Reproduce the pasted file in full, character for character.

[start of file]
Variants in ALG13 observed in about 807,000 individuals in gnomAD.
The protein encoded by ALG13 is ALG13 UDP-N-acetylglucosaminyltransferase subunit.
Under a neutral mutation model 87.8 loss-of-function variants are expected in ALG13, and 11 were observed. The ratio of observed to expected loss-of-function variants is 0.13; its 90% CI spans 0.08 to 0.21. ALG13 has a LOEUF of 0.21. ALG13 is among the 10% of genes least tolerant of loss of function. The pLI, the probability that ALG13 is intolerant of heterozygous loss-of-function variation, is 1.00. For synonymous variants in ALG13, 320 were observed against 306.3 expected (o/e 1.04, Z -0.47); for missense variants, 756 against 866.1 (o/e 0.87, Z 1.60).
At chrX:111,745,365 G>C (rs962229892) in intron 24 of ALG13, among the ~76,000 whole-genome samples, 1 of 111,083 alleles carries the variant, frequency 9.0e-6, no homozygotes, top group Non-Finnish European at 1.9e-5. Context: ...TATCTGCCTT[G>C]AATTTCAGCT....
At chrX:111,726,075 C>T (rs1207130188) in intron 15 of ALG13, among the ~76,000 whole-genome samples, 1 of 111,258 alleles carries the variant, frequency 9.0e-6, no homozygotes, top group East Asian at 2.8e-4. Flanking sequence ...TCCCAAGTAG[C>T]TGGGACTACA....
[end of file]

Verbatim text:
Variants in ALG13 observed in about 807,000 individuals in gnomAD.
The protein encoded by ALG13 is ALG13 UDP-N-acetylglucosaminyltransferase subunit.
Under a neutral mutation model 87.8 loss-of-function variants are expected in ALG13, and 11 were observed. The ratio of observed to expected loss-of-function variants is 0.13; its 90% CI spans 0.08 to 0.21. ALG13 has a LOEUF of 0.21. ALG13 is among the 10% of genes least tolerant of loss of function. The pLI, the probability that ALG13 is intolerant of heterozygous loss-of-function variation, is 1.00. For synonymous variants in ALG13, 320 were observed against 306.3 expected (o/e 1.04, Z -0.47); for missense variants, 756 against 866.1 (o/e 0.87, Z 1.60).
At chrX:111,745,365 G>C (rs962229892) in intron 24 of ALG13, among the ~76,000 whole-genome samples, 1 of 111,083 alleles carries the variant, frequency 9.0e-6, no homozygotes, top group Non-Finnish European at 1.9e-5. Context: ...TATCTGCCTT[G>C]AATTTCAGCT....
At chrX:111,726,075 C>T (rs1207130188) in intron 15 of ALG13, among the ~76,000 whole-genome samples, 1 of 111,258 alleles carries the variant, frequency 9.0e-6, no homozygotes, top group East Asian at 2.8e-4. Flanking sequence ...TCCCAAGTAG[C>T]TGGGACTACA....